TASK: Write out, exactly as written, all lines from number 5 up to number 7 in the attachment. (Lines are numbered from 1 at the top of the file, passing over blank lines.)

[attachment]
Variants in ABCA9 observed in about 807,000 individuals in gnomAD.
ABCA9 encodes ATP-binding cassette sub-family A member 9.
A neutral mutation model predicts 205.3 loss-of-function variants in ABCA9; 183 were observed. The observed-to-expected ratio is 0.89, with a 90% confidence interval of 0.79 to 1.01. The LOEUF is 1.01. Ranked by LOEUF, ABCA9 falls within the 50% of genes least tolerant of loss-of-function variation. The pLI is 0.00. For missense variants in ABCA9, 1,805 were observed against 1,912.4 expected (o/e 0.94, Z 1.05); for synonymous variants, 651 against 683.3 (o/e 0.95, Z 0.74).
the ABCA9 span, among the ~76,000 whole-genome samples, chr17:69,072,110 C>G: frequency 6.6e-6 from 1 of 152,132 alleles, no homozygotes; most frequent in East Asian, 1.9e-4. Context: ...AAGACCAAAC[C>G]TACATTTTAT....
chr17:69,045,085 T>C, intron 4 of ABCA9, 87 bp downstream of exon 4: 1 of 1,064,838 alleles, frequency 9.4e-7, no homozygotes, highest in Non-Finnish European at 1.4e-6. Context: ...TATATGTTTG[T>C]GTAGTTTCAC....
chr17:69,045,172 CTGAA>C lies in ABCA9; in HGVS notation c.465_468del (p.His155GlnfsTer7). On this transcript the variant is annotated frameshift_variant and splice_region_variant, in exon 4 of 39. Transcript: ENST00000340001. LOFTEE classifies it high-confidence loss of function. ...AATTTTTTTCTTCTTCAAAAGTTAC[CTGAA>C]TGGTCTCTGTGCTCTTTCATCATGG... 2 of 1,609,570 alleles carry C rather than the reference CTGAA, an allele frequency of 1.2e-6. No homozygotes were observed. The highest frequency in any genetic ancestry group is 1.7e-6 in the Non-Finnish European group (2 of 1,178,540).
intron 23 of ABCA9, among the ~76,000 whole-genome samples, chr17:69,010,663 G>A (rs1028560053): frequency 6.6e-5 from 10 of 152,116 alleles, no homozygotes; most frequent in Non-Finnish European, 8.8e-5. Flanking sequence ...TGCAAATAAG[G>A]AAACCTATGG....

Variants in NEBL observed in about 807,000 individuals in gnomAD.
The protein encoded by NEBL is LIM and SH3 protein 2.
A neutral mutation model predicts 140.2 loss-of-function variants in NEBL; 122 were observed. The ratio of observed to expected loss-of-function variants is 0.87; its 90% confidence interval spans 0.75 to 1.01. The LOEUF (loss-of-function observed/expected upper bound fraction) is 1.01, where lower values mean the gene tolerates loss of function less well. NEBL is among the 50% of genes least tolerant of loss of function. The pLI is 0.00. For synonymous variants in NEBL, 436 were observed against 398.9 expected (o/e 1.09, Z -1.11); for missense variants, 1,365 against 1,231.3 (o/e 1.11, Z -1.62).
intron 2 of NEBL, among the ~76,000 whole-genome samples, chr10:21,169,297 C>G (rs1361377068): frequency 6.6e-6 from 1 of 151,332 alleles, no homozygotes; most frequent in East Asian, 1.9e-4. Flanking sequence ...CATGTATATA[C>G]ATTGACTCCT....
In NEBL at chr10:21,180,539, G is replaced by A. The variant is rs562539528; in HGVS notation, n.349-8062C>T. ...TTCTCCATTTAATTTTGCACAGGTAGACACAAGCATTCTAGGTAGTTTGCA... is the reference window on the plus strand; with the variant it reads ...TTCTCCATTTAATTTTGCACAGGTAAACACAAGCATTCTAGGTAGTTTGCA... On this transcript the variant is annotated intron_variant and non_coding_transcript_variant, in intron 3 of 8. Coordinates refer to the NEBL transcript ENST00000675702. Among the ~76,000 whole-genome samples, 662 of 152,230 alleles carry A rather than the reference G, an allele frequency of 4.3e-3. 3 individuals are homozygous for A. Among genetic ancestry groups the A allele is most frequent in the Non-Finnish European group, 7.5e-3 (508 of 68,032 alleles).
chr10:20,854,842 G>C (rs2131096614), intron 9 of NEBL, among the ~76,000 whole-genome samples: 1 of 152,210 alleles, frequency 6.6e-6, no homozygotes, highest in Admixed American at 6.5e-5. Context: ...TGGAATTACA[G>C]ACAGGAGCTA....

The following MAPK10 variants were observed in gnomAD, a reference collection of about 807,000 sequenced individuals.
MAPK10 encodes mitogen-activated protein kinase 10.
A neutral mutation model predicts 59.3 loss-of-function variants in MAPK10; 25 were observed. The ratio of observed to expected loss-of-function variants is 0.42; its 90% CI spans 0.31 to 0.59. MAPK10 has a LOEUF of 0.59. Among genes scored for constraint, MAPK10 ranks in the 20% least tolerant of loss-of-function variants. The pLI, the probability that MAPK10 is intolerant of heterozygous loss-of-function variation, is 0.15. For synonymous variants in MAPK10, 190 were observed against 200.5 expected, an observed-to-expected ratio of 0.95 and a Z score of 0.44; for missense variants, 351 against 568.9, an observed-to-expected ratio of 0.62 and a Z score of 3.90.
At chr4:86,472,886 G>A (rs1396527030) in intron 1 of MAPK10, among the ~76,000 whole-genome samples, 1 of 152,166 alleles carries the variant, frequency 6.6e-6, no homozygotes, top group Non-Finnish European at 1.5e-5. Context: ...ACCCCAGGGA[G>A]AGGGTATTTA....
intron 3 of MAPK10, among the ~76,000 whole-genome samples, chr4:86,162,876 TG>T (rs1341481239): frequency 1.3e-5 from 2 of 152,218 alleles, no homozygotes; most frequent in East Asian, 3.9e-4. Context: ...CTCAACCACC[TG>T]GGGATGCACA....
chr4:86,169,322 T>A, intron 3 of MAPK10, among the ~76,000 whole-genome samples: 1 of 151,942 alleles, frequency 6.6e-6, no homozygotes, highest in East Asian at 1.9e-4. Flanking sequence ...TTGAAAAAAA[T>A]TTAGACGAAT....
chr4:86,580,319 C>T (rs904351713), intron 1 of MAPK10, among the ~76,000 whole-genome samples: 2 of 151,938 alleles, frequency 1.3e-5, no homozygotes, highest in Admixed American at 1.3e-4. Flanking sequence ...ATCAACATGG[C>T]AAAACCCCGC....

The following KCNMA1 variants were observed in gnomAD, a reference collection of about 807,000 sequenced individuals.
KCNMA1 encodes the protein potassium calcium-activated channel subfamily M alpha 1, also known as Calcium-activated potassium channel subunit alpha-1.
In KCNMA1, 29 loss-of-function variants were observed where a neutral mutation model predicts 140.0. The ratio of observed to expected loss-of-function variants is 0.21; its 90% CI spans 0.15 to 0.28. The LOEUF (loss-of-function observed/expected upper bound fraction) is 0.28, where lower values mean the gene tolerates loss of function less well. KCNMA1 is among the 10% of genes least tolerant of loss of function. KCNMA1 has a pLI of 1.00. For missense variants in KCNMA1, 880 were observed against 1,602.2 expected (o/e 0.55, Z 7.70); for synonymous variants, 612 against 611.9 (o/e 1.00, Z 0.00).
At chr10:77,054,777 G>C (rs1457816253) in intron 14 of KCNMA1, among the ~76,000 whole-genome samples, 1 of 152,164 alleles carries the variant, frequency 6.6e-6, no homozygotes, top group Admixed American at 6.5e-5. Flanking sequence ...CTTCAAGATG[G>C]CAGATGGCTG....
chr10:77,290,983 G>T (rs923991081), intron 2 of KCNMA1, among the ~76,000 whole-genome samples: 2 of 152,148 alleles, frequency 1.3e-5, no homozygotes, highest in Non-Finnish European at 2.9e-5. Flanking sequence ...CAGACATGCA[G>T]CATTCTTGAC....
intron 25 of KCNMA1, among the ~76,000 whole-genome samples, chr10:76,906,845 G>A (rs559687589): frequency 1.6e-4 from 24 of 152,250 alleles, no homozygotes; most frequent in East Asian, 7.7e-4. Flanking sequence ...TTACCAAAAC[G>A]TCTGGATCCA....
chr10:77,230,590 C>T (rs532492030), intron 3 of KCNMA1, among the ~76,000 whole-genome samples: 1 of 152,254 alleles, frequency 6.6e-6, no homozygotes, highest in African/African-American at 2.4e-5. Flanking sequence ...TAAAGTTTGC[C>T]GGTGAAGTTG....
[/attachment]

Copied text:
chr17:69,045,085 T>C, intron 4 of ABCA9, 87 bp downstream of exon 4: 1 of 1,064,838 alleles, frequency 9.4e-7, no homozygotes, highest in Non-Finnish European at 1.4e-6. Context: ...TATATGTTTG[T>C]GTAGTTTCAC....
chr17:69,045,172 CTGAA>C lies in ABCA9; in HGVS notation c.465_468del (p.His155GlnfsTer7). On this transcript the variant is annotated frameshift_variant and splice_region_variant, in exon 4 of 39. Transcript: ENST00000340001. LOFTEE classifies it high-confidence loss of function. ...AATTTTTTTCTTCTTCAAAAGTTAC[CTGAA>C]TGGTCTCTGTGCTCTTTCATCATGG... 2 of 1,609,570 alleles carry C rather than the reference CTGAA, an allele frequency of 1.2e-6. No homozygotes were observed. The highest frequency in any genetic ancestry group is 1.7e-6 in the Non-Finnish European group (2 of 1,178,540).
intron 23 of ABCA9, among the ~76,000 whole-genome samples, chr17:69,010,663 G>A (rs1028560053): frequency 6.6e-5 from 10 of 152,116 alleles, no homozygotes; most frequent in Non-Finnish European, 8.8e-5. Flanking sequence ...TGCAAATAAG[G>A]AAACCTATGG....